We’ve hit the part of the summer where I spend my evenings watching tv and endlessly shelling peas. It’s about now when I start to wonder if I really want more peas in my freezer. Lady peas are great and all, but will I really, really want them in March?
Then my stomach kicks in and says, “Of course, so don’t be a lazy bum about it.” So I keep picking and shelling and par boiling and measuring and freezing.
If you have any inklings of wanting to put up so of summer’s bounty to enjoy come the dreary days of January, I suggest doing it now. Peas do especially well in the freezer, but there are lots of types of produce that you can freeze.
For peas: Buy some shelled peas that you like (lady and purple hulls are my favorites), parboil them for about four minutes, and put them in an ice bath to stop the cooking. Then measure them out into whatever quantities you like, put them in bags, label them, and store them in the freezer.
I emphasize the labeling because you do not want mystery vegetable taking up residence in your freezer. You want to use your produce within 6 months ideally, but many things will stay good up to a year. (Quick disclaimer–I’m not a culinary professional. If you want specifics about proper food safety, consult the Ball Preserving Guide.)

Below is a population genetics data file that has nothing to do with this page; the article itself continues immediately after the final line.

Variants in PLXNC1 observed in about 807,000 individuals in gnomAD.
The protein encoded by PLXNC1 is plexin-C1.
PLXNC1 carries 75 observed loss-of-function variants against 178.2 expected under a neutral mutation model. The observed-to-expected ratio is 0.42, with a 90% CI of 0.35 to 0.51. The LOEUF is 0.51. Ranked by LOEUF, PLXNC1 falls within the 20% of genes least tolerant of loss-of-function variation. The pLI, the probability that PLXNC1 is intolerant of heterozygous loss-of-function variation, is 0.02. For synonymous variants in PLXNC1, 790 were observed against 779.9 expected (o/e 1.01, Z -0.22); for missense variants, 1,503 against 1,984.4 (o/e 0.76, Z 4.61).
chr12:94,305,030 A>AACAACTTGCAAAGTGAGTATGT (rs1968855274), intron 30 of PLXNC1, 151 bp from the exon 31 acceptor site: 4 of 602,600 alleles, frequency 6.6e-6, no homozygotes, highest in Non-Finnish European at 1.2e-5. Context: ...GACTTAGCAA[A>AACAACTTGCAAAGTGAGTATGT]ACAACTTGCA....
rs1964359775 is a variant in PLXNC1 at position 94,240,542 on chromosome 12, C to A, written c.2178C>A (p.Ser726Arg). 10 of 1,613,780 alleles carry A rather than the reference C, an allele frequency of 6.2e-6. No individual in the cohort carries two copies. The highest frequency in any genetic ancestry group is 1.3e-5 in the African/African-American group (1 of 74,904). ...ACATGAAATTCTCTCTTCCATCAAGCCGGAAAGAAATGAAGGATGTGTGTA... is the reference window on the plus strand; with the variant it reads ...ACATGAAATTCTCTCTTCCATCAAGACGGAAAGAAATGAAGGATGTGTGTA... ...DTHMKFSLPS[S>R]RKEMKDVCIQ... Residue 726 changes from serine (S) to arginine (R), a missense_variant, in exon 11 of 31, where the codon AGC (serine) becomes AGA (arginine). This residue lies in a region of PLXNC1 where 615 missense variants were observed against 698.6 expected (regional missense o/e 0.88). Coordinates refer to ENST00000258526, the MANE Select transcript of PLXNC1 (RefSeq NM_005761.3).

Why bother? Because in season produce tastes good and is good for you. I like eating peas and corn, but I won’t buy any unless it’s summer because otherwise it tastes wrong. Not bad, just wrong. The stuff in my freezer, though, tastes like July when it’s February outside.
Sometimes everything runs smoothly. There is sleep at night, the organized day in my head is matched by reality, the baby is smiley, and dinner takes exactly as much time to cook as I thought it would.
Then there are days when the baby cries and is inconsolable, I don’t get anything done for my classes, cooking takes forever, it starts to rain when there are clothes on the line, and there are caterpillars in the corn.
There is balance in the universe, but, man, those caterpillars are gross. I take some comfort in the knowledge that they are destined for some chickens’ stomachs.